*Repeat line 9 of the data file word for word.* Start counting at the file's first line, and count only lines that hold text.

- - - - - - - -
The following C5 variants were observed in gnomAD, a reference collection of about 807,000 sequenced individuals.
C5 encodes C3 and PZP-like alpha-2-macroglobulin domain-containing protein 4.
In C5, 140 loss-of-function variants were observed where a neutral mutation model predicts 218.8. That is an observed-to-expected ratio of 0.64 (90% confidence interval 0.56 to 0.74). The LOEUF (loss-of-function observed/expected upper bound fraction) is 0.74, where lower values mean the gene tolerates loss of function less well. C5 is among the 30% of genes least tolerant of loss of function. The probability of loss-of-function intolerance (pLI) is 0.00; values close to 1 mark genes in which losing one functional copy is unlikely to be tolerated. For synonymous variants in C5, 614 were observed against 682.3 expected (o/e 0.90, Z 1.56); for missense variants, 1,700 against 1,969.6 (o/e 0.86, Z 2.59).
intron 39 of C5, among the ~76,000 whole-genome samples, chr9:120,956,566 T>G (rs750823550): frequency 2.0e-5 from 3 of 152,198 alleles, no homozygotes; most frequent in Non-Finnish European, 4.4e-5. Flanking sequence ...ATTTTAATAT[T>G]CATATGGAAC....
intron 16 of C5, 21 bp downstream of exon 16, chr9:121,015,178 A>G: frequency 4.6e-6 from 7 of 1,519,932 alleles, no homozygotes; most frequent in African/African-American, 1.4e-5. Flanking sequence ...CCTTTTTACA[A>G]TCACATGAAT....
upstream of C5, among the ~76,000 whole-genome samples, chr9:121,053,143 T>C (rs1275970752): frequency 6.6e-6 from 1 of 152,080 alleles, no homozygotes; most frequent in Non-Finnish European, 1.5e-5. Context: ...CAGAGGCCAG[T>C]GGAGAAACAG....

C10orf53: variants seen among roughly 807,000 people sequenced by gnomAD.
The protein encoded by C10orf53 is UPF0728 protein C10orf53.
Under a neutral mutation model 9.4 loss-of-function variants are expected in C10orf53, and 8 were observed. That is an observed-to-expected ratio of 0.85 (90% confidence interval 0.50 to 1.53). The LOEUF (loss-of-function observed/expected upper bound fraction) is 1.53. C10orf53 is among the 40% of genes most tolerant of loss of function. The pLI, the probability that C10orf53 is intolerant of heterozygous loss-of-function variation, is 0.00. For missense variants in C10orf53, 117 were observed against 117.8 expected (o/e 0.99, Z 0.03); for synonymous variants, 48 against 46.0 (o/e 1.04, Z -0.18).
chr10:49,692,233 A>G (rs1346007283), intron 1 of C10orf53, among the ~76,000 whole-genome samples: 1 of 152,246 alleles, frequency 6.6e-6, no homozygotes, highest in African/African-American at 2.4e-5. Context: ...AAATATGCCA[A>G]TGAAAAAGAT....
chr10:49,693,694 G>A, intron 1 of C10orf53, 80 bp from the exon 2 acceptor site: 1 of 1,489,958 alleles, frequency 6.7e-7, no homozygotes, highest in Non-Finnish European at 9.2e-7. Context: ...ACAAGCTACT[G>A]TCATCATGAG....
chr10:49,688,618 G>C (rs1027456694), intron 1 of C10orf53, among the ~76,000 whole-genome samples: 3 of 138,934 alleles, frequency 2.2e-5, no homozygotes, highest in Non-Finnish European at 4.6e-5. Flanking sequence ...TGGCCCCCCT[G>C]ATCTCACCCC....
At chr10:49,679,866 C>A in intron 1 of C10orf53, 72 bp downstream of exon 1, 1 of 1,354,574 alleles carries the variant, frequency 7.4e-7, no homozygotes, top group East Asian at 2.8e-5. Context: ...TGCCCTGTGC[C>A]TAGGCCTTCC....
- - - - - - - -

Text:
Under a neutral mutation model 9.4 loss-of-function variants are expected in C10orf53, and 8 were observed. That is an observed-to-expected ratio of 0.85 (90% confidence interval 0.50 to 1.53). The LOEUF (loss-of-function observed/expected upper bound fraction) is 1.53. C10orf53 is among the 40% of genes most tolerant of loss of function. The pLI, the probability that C10orf53 is intolerant of heterozygous loss-of-function variation, is 0.00. For missense variants in C10orf53, 117 were observed against 117.8 expected (o/e 0.99, Z 0.03); for synonymous variants, 48 against 46.0 (o/e 1.04, Z -0.18).